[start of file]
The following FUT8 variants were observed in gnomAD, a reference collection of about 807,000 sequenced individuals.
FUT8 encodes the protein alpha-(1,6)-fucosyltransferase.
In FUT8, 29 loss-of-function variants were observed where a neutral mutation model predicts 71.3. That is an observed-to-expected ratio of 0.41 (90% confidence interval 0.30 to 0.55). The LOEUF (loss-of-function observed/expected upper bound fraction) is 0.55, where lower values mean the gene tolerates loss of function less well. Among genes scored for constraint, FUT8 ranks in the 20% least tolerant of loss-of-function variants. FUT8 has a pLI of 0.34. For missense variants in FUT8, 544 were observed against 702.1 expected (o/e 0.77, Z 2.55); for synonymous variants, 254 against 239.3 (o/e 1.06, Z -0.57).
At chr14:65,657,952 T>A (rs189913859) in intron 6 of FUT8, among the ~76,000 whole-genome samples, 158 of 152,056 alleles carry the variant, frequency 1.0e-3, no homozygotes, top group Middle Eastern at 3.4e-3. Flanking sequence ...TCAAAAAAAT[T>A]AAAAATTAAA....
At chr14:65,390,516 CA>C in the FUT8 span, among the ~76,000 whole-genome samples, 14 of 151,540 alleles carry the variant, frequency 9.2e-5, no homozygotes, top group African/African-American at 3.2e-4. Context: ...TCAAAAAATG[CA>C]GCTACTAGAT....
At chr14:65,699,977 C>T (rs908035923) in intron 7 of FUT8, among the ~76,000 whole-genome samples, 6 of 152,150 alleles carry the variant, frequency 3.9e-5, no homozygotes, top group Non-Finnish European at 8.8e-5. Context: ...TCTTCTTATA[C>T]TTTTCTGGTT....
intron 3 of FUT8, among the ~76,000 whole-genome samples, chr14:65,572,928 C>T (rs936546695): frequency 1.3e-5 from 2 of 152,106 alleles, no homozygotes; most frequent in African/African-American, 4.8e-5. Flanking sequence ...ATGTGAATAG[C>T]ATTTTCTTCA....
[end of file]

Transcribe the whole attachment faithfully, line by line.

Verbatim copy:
The following FUT8 variants were observed in gnomAD, a reference collection of about 807,000 sequenced individuals.
FUT8 encodes the protein alpha-(1,6)-fucosyltransferase.
In FUT8, 29 loss-of-function variants were observed where a neutral mutation model predicts 71.3. That is an observed-to-expected ratio of 0.41 (90% confidence interval 0.30 to 0.55). The LOEUF (loss-of-function observed/expected upper bound fraction) is 0.55, where lower values mean the gene tolerates loss of function less well. Among genes scored for constraint, FUT8 ranks in the 20% least tolerant of loss-of-function variants. FUT8 has a pLI of 0.34. For missense variants in FUT8, 544 were observed against 702.1 expected (o/e 0.77, Z 2.55); for synonymous variants, 254 against 239.3 (o/e 1.06, Z -0.57).
At chr14:65,657,952 T>A (rs189913859) in intron 6 of FUT8, among the ~76,000 whole-genome samples, 158 of 152,056 alleles carry the variant, frequency 1.0e-3, no homozygotes, top group Middle Eastern at 3.4e-3. Flanking sequence ...TCAAAAAAAT[T>A]AAAAATTAAA....
At chr14:65,390,516 CA>C in the FUT8 span, among the ~76,000 whole-genome samples, 14 of 151,540 alleles carry the variant, frequency 9.2e-5, no homozygotes, top group African/African-American at 3.2e-4. Context: ...TCAAAAAATG[CA>C]GCTACTAGAT....
At chr14:65,699,977 C>T (rs908035923) in intron 7 of FUT8, among the ~76,000 whole-genome samples, 6 of 152,150 alleles carry the variant, frequency 3.9e-5, no homozygotes, top group Non-Finnish European at 8.8e-5. Context: ...TCTTCTTATA[C>T]TTTTCTGGTT....
intron 3 of FUT8, among the ~76,000 whole-genome samples, chr14:65,572,928 C>T (rs936546695): frequency 1.3e-5 from 2 of 152,106 alleles, no homozygotes; most frequent in African/African-American, 4.8e-5. Flanking sequence ...ATGTGAATAG[C>T]ATTTTCTTCA....